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2014 Annual Meeting Discussion Workshops

Discussion workshops are one of the most popular features of EDIS annual meetings. Here is a preview of the two planned for summer 2014. Participants need not do the reading in advance.

Emily Dickinson and Henry David Thoreau Take a Look or Two at the Sky
Led by Nancy and William Pridgen

Both Emily Dickinson and Henry David Thoreau observed nature closely and described nature in poetic detail. Additionally, both Dickinson and Thoreau aspired to be poets. While Dickinson became a successful poet, Thoreau gave up this dream early on and focused on prose, particularly about nature. Yet Thoreau’s writing employs poetic devices quite effectively. This workshop will explore the sky as seen by Dickinson and by Thoreau. We will briefly compare Dickinson’s and Thoreau’s poems about sunrise and sunset and rain. In addition we will explore the poetic aspects of Thoreau’s descriptions of the sky in several prose fragments from his Journals. We will focus on poetic sound devices such as rhymes and alliteration, figurative language, and imagery.

Dickinson poems we will explore as time permits are the following:

Fr 204/ J 318 “I’ll tell you how the sun rose –”
Fr 233/ J 204 “A slash of blue! A sweep of gray!”
Fr 572/ J 304 “The day came slow – till five o’clock - ”
Fr 846/ J 794 “A drop fell on the apple tree – ”
Fr 216/ J 194 “On this long storm the rainbow rose - ”
(With the exception of “A drop fell,” the Dickinson poems as edited by Johnson are available on the Internet.)

The Thoreau poems we will consider are the following:

From Henry David Thoreau: Collected Essays and Poems
The Library of America, 1984:

pp. 539-540 “I’m guided by the darkest night”
pp. 599-600 “On Ponkawtasset, since, we took our way,”
pp. 536-537 The Summer Rain
(The Summer Rain is available on the Internet: )

A New England Perspective in Emily Dickinson’s Poems and Elizabeth Strout’s Novels
Led by Lois Kackley and Greg Mattingly

"...I see New Englandly," (F256/J285) wrote Emily Dickinson.

Oh! Really?

We suggest Dickinson's non-provincial, redoubtable, “circumferential” poetry disproves the designation and subverts her “status” as a writer with a New England perspective.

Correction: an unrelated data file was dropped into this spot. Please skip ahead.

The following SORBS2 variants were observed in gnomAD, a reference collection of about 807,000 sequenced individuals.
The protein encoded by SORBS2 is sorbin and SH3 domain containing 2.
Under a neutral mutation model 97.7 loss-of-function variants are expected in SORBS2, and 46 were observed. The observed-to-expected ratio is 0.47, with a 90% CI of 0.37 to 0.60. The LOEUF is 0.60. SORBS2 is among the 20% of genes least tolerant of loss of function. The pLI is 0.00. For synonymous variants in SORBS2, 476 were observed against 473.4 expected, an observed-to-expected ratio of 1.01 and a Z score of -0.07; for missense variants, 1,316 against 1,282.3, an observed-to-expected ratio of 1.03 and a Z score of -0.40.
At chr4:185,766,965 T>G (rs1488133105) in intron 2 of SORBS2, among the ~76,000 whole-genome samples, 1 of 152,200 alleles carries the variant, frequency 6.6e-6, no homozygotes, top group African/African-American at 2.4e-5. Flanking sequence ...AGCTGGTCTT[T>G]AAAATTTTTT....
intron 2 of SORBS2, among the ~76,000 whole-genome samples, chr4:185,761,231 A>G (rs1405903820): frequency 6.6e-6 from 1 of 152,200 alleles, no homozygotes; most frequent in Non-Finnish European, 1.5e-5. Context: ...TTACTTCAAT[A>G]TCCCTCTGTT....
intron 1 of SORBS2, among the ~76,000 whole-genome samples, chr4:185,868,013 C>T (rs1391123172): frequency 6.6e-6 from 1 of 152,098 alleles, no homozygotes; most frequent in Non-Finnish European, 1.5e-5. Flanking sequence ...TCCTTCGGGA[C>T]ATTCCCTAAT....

Was to “see New Englandly” another “pose” (similar to that of “wife,” “bride,” or innocent child), this time as a narrow-minded speaker? Or, is the emphasis on “new” an assertion of status as the groundbreaker poet of pioneering New England (and by implication the New World) contrasted with old-world England and its queen?

Nevertheless, geography cannot be denied. The poet was born and reared in a part of the world with distinctive characteristics to impact her work. Likewise, Maine native Elizabeth Strout, who received the 2009 Pulitzer Prize in Fiction, is conscious of her and her characters’ roots and nurturing in New England’s Puritan asceticism. Strout portrays the thrust of personal independence, wealth, and the lure of sophistication in narratives about New Englanders who move to, or share experiences with, New York City.

In addition to “The Robin’s my Criterion for Tune-”(Fr 256/J 285), the poems and letter listed below may enlarge our discussion of the New England perspective in Dickinson’s work. For Strout’s rendering of a 21st century version of that perspective in narrative responses to New England origins, we will focus on The Burgess Boys.

Fr143/J76 “Exultation is the going”
Fr236/J324 “Some keep the Sabbath going to church-”
Fr307/J271 “A solemn thing - it was - I said-”
Fr445/J613 “They shut me up in Prose-”
Fr800/J1052 “I never saw a Moor.”
From L39 to Abiah Root, late 1850: “You are growing wiser than I am, and nipping in the bud fancies which I let blossom - perchance to bear no fruit, or if plucked, I may find bitter. The shore is safer Abiah, but I love to buffett the sea - I can count the bitter wrecks here in these pleasant waters, and hear the murmuring winds, but oh I love the danger! You are learning control and firmness. Christ Jesus will love you more. I'm afraid he don't love me any.”